American Electric Power (AEP), one of the largest electric utility companies in the United States, plans to burn slightly more steam coal in 2018 than last year at its remaining coal-burning power plants. The Columbus, Ohio-based company should consume approximately 33 million tons of coal from several domestic coal basins, according to a company spokeswoman. That is about a 6% increase over the 2017 coal burn, but it pales in comparison to a decade ago, when AEP regularly burned about 70 million tons of coal in its far-flung plants.
The 33 million-ton figure relates only to AEP’s regulated power plants. The company does not disclose the coal burn for its unregulated or merchant facilities, some of which have been retired by AEP.
They include the 2,400-megawatt J.M. Stuart plant along the Ohio River near Aberdeen, Ohio, and the 600-megawatt Killen plant near Wrightsville, Ohio. AEP and Houston-based merchant generator Dynegy Inc. had been co-owners with Dayton Power & Light Co., which operated the plants until they closed on June 1.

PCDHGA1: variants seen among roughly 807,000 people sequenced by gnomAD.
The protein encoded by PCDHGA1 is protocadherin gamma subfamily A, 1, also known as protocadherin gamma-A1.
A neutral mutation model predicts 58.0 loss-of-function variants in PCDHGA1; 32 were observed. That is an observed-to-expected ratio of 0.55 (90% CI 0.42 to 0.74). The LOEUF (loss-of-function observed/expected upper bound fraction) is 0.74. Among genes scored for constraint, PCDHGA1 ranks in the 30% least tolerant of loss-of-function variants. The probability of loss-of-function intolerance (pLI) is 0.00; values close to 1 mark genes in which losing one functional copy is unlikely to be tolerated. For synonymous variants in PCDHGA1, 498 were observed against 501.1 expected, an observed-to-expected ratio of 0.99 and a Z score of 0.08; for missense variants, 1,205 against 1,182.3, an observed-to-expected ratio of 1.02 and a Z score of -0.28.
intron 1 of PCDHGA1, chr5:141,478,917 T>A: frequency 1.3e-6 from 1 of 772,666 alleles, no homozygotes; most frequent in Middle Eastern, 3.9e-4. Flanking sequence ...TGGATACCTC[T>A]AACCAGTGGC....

Ohio-based Murray Energy Corp., the largest privately-owned coal company in the US, lobbied to keep the plants open to no avail. At one point, Murray founder and CEO Robert E. Murray implored DP&L to place Stuart and Killen up for sale, suggesting coal industry entities might be interested in buying them.
By mid-2016, AEP had retired approximately 6,500 megawatts of coal-burning generating capacity as part of its plan to comply with the federal Environmental Protection Agency’s Mercury and Air Toxics Standards rules for existing power plants.
Among the coal plants previously retired were Muskingham River in Ohio, Big Sandy in Kentucky, Kammer and Kanawha River in West Virginia, and Clinch River and Glen Lyn in Virginia.
In the past couple of years, the pace of AEP’s coal plant retirements has slowed. Coal still accounts for about 47% of AEP’s total generating capacity of about 33,000 megawatts. AEP serves about 5.4 million customers in 11 states.